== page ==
It is not just TCS that is saying its gross hirings will come down. Infosys and Wipro, too, have been hinting at a similar trend over the past few quarters. The drop comes at a time when all three are projecting strong growth for FY17.

Vishal Sikka, CEO, Infosys, who has been talking about automation and design-thinking even as the company aims to increase revenue per employee to $80,000 by 2020 from about $50,000 currently, said: "We want to reshape the cost curve in a purposeful way. We do not just look at it as reduction of people and costs, but as unleashing the potential that is inside. We can bring more innovation per person through zero distance, bench initiatives and marketplace, and increase the revenue per employee."

Infosys expects around 20,000 freshers to join in the June-July timeframe. Pravin Rao, COO, Infosys, said the company wants to leverage the benefits of automation, particularly at a lateral level, and figure out how to do more of just-in-time hiring on a fresher level. "On an average last year, we did lateral hiring of about 2,500-3,000 every quarter (for Infosys standalone), but with more and more full-time employee equivalents being released through automation, and automation benefits kicking in, we would expect to see some part of reduction in the hiring numbers," said Rao.

The commentary from the third largest IT services company is also on similar lines. "It is very simple. The number of people that is required at the lower end of the pyramid is going off. Robots and bots are taking over. You will see a slowdown in hiring across the industry. Also, a lot of work earlier where you were sending people from India to onsite is changing by locally hiring onsite. Even if the company hirings are higher, the number of hirings in India will be lower," said Abidali Neemuchwala, CEO, Wipro.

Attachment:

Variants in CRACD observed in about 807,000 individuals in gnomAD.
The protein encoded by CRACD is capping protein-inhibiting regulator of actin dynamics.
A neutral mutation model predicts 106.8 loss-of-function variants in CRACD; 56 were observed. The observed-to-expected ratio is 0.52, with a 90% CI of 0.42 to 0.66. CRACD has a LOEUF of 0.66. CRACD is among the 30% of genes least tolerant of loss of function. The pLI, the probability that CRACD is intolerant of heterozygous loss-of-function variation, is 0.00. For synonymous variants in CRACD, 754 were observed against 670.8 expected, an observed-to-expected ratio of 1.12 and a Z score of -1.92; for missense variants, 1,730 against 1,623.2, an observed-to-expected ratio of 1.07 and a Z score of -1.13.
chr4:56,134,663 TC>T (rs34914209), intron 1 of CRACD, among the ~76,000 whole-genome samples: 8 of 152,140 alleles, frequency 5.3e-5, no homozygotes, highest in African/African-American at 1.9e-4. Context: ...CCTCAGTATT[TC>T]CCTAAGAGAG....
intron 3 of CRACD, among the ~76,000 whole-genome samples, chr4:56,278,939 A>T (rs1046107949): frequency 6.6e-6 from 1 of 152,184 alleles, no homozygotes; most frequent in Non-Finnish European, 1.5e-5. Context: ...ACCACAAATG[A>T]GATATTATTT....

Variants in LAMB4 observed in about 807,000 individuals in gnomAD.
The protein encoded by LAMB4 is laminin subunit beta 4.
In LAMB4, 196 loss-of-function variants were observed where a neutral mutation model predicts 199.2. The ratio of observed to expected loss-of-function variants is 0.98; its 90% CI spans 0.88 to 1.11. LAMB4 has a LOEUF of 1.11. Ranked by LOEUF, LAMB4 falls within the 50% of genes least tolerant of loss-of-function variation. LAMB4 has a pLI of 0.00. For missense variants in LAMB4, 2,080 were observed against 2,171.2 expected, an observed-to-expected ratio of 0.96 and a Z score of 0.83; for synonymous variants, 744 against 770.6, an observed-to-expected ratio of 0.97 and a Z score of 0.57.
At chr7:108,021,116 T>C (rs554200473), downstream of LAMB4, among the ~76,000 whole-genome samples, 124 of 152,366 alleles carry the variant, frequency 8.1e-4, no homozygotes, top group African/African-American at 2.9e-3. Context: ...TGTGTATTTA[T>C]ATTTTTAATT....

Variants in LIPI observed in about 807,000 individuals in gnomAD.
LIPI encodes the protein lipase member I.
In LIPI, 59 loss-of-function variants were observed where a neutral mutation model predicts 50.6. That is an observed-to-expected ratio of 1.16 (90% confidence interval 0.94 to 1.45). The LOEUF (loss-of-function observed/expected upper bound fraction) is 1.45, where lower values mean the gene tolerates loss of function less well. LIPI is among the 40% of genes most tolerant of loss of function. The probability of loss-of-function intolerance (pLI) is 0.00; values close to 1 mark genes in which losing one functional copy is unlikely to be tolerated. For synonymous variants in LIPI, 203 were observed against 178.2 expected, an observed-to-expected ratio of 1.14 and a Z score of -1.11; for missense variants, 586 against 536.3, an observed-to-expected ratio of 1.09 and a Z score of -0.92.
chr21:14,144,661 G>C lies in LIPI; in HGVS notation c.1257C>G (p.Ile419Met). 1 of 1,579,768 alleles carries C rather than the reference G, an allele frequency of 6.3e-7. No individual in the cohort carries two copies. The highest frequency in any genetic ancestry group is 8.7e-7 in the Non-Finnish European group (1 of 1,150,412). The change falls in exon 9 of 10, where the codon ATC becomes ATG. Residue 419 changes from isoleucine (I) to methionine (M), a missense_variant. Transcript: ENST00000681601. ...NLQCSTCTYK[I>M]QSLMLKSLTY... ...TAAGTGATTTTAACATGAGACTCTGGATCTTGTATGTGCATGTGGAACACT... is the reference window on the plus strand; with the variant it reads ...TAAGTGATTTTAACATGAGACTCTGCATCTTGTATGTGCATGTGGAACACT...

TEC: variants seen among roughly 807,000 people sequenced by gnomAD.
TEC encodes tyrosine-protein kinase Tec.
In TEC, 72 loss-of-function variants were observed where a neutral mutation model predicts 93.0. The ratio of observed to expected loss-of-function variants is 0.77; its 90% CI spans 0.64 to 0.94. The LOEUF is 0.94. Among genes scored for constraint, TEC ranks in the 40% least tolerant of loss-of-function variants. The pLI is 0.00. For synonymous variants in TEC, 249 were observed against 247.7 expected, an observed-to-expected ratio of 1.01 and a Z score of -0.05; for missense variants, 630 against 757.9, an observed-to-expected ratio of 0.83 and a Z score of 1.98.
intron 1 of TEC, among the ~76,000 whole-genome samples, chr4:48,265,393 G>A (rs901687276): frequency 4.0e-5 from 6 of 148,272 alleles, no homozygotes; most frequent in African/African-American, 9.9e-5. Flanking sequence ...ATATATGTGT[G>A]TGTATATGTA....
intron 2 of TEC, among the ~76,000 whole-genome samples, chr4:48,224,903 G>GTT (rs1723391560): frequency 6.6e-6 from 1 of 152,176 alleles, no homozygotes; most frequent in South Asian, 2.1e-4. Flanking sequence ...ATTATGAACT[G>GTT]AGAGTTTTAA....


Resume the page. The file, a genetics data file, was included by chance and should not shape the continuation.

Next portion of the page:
The shift has been happening for some time now. It's only now that the companies are coming out and saying it. The top five Indian IT vendors (Indian top four + Cognizant) together added 77,265 employees in CY15, a 24 per cent decline year-on-year (YoY). Drop in hiring at Cognizant and HCL Tech contributed a lion's share to the decline. Vendors across the pack are focusing on automation and "we believe FY16 would be an inflection point," said a report from analyst firm Centrum.

Sagar Rastogi, IT analyst, Ambit Capital, said, "You will see revenue per employee for most IT companies trend up gradually. Automation tools now have reached a certain level of maturity, which was not true four-five years ago. Given that a lot of clients have got their first round of cost savings from just offshoring, they are now looking for the second wave of cost-cutting, which specifically comes from automation and code reuse. Improvement in margins from automation though will kick in only from FY18/FY19 onwards and will be gradual in nature."

The other upside to increasing use of automation is moderating the pressure of wage hikes. "Indian IT sector has persistently suffered from higher wage inflation and attrition. With automation enabling improved delivery-efficiency and productivity, the sector could be facing a scenario of lower net additions in FY17/FY18. Hence, an interesting moot point would be whether Indian IT vendors could wield the bargaining power and moderate wage hikes," said the report from Centrum.